Project Number: 5010-22410-016-00-D
Project Type: In-House Appropriated
Start Date: Apr 24, 2013
End Date: Mar 5, 2018
The major goals of this project are to enhance the quality, diversity, and utility of the ARS Culture Collection holdings, including the strains held in the ARS Patent Culture Collection, and to conduct and support microbiological research that advances agricultural production, food safety, public health, and economic development. The project is designed to simplify and improve public access to well-characterized microbial strains, expand accessions associated with ARS priority research in food safety and animal health, and enhance the information content associated with accessions through comparative genomic and targeted multilocus sequence analyses of diversity and evolutionary relationships. This project is also designed to leverage the expertise and information developed from two current NP108 - Food Safety projects within the Bacterial Foodborne Pathogens and Mycology Research Unit. The genetic, phenotypic, and taxonomic information generated from the proposed research will be combined with data generated through the NP108 projects in web-accessible strain databases that enhance the utility of the collection and facilitate strain selection by the end-users. Objective 1: Safeguard (including backing-up) priority microbial genetic resources and associated information from the ARS Culture Collection in state-of-the-art genebanks. Objective 2: Identify gaps in the ARS Culture Collection's coverage of microbial genetic resources of national importance and programmatic interest to ARS, and acquire the latter. Objective 3: Conduct comparative genomic, phylogenetic, and taxonomic analyses of strains in the ARS Culture Collection, especially for actinobacteria. Objective 4: Improve ARS Culture Collection's database management to enhance inventory control, enable researchers to identify desired strains, and facilitate fulfillment of customer requests for germplasm. Enable researchers to conduct gene searches from microbial sequence databases to determine taxonomic identification and phylogenetic position of unknown samples and strains.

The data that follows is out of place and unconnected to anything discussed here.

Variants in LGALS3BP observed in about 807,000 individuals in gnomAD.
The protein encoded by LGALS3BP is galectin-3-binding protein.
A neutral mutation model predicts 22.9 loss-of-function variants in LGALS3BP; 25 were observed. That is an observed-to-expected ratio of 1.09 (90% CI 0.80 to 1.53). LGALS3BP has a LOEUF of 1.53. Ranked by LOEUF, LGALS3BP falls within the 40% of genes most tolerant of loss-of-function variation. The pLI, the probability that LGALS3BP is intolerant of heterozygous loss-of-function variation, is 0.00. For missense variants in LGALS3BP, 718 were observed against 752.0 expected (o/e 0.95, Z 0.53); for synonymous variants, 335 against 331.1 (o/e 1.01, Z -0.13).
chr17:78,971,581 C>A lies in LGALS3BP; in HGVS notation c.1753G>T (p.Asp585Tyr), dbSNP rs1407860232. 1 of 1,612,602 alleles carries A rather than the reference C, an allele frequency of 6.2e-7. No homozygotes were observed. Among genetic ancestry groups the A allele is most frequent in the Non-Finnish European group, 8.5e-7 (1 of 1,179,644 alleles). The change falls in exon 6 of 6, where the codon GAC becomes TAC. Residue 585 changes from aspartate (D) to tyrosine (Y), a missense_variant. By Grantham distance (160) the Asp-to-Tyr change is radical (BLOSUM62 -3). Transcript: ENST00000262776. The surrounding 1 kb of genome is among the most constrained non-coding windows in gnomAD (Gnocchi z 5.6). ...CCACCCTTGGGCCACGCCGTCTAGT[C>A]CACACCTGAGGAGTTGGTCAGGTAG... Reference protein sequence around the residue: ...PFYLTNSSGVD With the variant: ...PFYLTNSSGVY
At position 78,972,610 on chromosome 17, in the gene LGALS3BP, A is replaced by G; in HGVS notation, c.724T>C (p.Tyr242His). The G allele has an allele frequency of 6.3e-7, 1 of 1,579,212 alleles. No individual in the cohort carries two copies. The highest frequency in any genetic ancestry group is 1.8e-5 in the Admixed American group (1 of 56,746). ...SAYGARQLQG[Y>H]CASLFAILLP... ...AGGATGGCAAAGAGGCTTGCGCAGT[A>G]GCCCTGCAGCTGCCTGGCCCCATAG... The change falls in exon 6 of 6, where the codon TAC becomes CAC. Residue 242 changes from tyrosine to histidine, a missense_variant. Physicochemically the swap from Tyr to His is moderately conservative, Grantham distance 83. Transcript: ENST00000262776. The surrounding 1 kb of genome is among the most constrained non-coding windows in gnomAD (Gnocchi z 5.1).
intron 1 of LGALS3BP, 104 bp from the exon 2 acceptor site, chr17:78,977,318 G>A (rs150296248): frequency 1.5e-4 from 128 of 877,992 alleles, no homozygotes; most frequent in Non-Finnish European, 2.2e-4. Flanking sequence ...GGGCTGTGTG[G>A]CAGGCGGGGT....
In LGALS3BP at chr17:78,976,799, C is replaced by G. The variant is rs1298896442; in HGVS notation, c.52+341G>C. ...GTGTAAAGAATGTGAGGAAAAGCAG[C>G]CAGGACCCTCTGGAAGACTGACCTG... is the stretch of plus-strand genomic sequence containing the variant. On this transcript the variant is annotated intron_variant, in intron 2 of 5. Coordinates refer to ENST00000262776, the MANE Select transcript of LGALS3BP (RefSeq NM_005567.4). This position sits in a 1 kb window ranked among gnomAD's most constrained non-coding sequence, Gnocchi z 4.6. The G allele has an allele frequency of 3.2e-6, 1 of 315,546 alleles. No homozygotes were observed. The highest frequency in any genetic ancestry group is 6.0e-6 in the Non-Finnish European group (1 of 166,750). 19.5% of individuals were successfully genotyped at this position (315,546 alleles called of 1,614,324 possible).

More than 95,000 accessions of microbial genetic resources, including food-borne pathogenic bacteria, actinobacteria, yeasts, plant pathogenic fungi, grain storage molds, and other microbes of biomedical and biotechnological importance and associated information will be maintained in a secure centralized limited-access facility. Strain records including inventory data will be updated and maintained in an updated and improved Culture Collection Database System that also manages strain requests received from the collection website, facilitates, permanently storing the details of germplasm distributions. Germplasm held only as frozen preparations under liquid nitrogen vapor phase will be shipped to National Center for Genetic Resources Preservation (NCGRP), for backup storage as a safeguard against catastrophic loss and the backup collection of lyophilized preparations currently stored at another remote ARS facility will be consolidated there during this project cycle. Strains resulting from ARS research efforts or required to fulfill current or planned research will be acquired from collaborators or other collections after consultation with team members, collaborators, the Office of National Programs and the U.S. Culture Collection Network. The genomics of actinobacterial germplasm within the collection (specifically in the genus Streptomyces) will be evaluated through determination and evaluation of gene content in draft genome sequences of strains of significance to agriculture or biotechnology. Gene sequence data already accumulated for fungal strains within the ARS Culture Collection through associated research efforts under ARS NP108 (Food Safety, Animal and Plant Products) will be organized and made accessible in a web-based sequence database to be interconnected with the Culture Collection Strain Database System and novel species discovered in the course of this process will be fully characterized.